Meat industry injury and illness incidence rates now stand at the lowest level ever recorded, according to data recently released by the Bureau of Labor Statistics (BLS) covering 2007 annual safety results. Overall, the meat industry’s Occupational Safety and Health Administration (OSHA) recordable rates have improved by 72 percent since the industry adopted ergonomics guidelines in 1990 and made worker safety a non-competitive issue.
The animal slaughter and processing sector’s total industry recordable rate -- cases per 100 full-time workers -- dropped 7.7 percent in 2007, from 9.1 to 8.4. Animal slaughter and processing’s total industry DART rate, which includes cases of a more serious nature, declined as well to 5.5 in 2007 from 6.2 in 2006, a reduction of 11.3 percent.
The red meat slaughter sector injury and illness rates declined by 3.2 percent to 12.1 in 2007 from 12.5 per 100 full-time workers in 2006. Poultry slaughter and processing also showed good improvement, at 6.1 per 100 full time workers in 2007, down 7.6 percent from a rate of 6.6 in 2006. Red meat processing injury and illness rates declined 16.3 percent to 8.2 per 100 full time workers in 2007 from 9.8 for 2006.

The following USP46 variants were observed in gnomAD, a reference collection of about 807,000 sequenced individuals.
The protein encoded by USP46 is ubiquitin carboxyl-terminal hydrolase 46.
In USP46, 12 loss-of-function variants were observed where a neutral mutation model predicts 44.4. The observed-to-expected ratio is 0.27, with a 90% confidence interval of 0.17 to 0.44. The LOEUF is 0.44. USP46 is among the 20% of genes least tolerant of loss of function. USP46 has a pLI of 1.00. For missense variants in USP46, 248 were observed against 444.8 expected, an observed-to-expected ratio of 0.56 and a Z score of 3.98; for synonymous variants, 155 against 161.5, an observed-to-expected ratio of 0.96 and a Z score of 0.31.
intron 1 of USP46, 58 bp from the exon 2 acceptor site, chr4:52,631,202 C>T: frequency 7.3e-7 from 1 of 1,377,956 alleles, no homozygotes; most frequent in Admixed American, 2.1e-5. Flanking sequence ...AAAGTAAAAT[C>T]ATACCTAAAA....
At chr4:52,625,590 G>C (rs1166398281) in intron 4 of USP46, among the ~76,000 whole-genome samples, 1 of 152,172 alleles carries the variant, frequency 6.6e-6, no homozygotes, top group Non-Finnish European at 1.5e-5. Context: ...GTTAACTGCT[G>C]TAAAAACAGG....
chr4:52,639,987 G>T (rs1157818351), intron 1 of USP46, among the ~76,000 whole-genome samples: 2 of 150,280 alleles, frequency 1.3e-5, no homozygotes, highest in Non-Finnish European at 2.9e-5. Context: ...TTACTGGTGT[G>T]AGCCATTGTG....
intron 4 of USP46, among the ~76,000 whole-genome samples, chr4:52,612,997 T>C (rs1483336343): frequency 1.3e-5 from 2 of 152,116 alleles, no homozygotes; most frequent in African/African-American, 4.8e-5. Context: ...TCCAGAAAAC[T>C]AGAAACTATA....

“These encouraging trends confirm that the meat industry’s decision to make worker safety a non-competitive issue and work cooperatively to enhance workplace safety has created measurable and meaningful workplace safety improvements, AMI President J. Patrick Boyle said. “We will continue to work toward even greater safety improvement using what we’ve learned over the past two decades.”